Let’s look at some recommendations of cooking utensils that will help you prepare an authentic Greek recipe. From the most used tool in any kitchen (the chef knife) to the less frequently used herb chopper (except if you cook for many people), here is everything you need to cook delicious Greek recipes.

Chef Knife

You will use your chef knife up to 90% of the time when preparing a Greek recipe or any recipe for that matter. Therefor, I consider you should buy the best chef knife . Depending on whether you are a beginner or a professional or just want to buy a top of the line knife you should first research the subject further.

Pestle and Mortar

The pestle and mortar is the staple of any Mediterranean recipe. Cooking from these destinations involves a lot of crushing and grinding, herbs, and spices. With that being said, your pestle and mortar is a need to have tool on your Greek Kitchen table.

We now make Skordalia with a food processor but our grandparents used to have a large wooden mortar and pestle. When you crush the ingredients in a food processor you end up with a very smooth paste. But if you take the time and crush the ingredients with the pestle and mortar you will get different textures and a more rustic feel to your Skordalia. Which do you prefer?

Clay Cooking pot

Ovens are used very often in Greek cooking and not just for baking bread. You will get awesome results with your Easter roasted leg of lamb if you just use a clay cooking pot . Or how could you prepare a Sifnos Mastelo? (Lamb or goat in clay pot from the Sifnos ).

Overall, I love to use a clay pot and do it very often for that matter. From lamb to pork or chicken everything is mouthwatering tender in less than 1 hour. Great addition to your kitchen equipment.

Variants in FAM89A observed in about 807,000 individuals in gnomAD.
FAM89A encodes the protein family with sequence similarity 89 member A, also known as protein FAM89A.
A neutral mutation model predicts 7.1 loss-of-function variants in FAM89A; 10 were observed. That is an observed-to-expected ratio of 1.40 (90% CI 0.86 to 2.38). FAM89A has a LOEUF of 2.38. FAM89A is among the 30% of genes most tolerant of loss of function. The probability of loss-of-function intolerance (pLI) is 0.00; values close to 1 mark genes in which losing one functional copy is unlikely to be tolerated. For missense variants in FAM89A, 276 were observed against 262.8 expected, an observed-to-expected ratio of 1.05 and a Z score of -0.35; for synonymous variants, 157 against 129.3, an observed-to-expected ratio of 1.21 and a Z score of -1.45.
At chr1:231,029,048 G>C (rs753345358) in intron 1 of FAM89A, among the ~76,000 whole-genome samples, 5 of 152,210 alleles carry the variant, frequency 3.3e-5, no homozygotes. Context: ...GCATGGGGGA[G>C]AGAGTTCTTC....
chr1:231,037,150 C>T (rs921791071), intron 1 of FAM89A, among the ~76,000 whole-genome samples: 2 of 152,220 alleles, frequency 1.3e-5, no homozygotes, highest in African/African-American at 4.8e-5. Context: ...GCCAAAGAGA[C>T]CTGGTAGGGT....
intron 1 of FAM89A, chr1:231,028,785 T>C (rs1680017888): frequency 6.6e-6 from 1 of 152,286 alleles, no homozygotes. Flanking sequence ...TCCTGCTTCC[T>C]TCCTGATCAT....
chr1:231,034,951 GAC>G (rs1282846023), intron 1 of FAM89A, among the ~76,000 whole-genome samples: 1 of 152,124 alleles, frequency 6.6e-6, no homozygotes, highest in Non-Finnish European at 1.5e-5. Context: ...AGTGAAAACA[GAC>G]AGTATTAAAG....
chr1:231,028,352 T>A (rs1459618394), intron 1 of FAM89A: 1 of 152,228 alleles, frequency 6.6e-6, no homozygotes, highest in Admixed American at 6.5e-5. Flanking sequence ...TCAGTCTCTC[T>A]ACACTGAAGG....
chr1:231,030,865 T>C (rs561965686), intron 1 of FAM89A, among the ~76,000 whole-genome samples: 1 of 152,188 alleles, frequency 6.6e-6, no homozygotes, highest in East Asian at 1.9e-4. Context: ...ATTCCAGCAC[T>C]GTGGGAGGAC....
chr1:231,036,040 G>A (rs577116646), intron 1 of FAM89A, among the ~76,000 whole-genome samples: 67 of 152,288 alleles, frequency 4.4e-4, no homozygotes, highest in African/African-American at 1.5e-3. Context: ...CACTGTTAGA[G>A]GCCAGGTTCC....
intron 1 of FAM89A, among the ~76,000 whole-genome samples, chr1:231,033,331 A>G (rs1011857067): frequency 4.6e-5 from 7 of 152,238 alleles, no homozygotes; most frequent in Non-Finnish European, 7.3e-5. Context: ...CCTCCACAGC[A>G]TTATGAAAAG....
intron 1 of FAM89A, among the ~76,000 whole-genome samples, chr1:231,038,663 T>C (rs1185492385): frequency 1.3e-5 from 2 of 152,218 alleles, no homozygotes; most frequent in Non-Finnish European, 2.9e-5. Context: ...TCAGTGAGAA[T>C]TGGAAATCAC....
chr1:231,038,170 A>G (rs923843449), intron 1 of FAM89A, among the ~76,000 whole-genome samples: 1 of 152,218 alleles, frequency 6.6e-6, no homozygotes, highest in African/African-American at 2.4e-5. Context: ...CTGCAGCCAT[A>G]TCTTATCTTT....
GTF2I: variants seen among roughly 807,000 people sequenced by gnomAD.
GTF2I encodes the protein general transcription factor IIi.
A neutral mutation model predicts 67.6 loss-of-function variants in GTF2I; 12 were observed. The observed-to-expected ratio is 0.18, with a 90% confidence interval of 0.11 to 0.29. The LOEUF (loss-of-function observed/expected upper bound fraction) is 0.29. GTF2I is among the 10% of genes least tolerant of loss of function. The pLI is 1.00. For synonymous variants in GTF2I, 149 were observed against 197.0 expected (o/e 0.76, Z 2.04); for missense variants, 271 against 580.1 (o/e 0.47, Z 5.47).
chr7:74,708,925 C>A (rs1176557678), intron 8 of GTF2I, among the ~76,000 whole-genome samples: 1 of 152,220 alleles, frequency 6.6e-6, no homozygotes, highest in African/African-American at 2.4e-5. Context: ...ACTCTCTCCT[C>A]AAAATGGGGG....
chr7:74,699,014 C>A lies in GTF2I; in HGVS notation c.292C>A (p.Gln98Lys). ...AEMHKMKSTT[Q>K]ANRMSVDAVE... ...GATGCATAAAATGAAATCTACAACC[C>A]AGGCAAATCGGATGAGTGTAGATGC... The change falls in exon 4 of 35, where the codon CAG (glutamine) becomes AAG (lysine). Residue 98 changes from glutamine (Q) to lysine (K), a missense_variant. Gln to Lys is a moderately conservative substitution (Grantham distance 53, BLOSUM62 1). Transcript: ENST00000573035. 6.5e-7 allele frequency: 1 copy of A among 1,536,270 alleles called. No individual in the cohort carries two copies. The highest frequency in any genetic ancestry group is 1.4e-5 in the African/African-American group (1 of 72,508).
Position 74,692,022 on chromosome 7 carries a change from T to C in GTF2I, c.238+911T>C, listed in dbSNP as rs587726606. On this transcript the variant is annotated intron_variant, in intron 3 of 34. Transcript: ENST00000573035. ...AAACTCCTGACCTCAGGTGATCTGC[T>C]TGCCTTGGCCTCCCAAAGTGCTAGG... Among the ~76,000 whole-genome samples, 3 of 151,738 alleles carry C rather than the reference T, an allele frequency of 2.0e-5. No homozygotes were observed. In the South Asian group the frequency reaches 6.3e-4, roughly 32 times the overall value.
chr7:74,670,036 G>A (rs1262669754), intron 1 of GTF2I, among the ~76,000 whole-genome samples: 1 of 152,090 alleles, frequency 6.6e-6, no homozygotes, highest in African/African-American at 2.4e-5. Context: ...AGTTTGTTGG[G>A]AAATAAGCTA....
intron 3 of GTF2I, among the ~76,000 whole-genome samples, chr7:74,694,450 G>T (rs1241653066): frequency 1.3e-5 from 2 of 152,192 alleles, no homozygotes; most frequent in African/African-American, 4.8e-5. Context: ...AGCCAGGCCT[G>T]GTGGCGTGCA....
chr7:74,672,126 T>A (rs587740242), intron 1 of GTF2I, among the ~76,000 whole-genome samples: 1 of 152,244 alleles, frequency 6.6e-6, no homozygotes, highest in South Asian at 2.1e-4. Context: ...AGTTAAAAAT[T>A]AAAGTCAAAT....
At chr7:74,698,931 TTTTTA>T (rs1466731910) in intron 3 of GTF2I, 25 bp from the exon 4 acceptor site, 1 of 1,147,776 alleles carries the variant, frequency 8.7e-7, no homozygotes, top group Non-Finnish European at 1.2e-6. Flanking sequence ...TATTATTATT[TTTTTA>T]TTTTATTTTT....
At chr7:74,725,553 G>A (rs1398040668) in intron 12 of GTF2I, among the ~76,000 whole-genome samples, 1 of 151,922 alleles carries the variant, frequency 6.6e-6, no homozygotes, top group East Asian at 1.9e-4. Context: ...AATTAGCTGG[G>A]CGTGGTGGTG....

Olive Pitter

Of course, olives, the staple in the Greek cuisine. An olive pitter is a real help when trying to make some stuffed or just seedless, canned olives on a platter. Or maybe you want to make some delicious stews or roasts that contain olives. You don’t want anyone biting hard on an olive seed. Be careful you can do real damage with those seeds.

Spice Grater

A spice grater is an obvious addition for your Greek kitchen. From grinding cinnamon to nutmeg, a spice grinder will help you make all those tasty Greek sweets you desire. The tool is hand-held and looks like a mini cheese grater. It is a need to have tool especially if you keep spices whole, which you should do in order to maintain the flavor of your spice for longer.


In any culture where the sun shines most of the year people will grill and barbeque. So, the skewers are another great addition. Souvlaki? Chicken, lamb or pork? They all involve spices, fire and a skewer. This is a perfect addition to your summer grilling equipment.

Honey dipper

I know you can use a teaspoon but why not drizzle your honey more authentic and with precision on your loukoumades ? Those fluffy balls drizzled with honey and sprinkled with crunchy walnuts make my mouth water. Honey is a used in many Greek dishes in their recipe composition or just to be served as it is. Plus, the honey dipper is a pretty nice-looking tool in your honey jar.

Pastry brush

Pastry is not only a French guilty pleasure but also a delight most enjoyed in Greece. From the savory traditional Greek Spanakopita or the feta Tiropitakia to the sweet crunchy and custardy Trigona Panoramatos, pastry is a big thing in Greek food. If you want to cook these recipes there is nothing better than a pastry brush to cover your melted butter with.

Wood rolling pin

Of course, if you are baking there is nothing better than a wood rolling pin . If you are thinking of making pastries sweet or savory or just Greek pies with your favorite filling, you need a rolling pin. It makes your recipe look much more professional. I must admit that I have used a wine bottle at once with pretty good results but not the same as with a rolling pin. It’s cheap but sometimes there is no way to get it and you must improvise.

Herb chopper

The herb chopper is not as important if you cook a dish for one or two guests. But, If you have to cook for a whole family and maybe also friends this could save you a lot of time. Herbs are very common in Greek cuisine as they are in most Mediterranean cooking. In Italy they use the “mezzaluna” which is synonymous to the herb chopper.

This post was brought to you by Hori from All Knives.
The post contains affiliate links.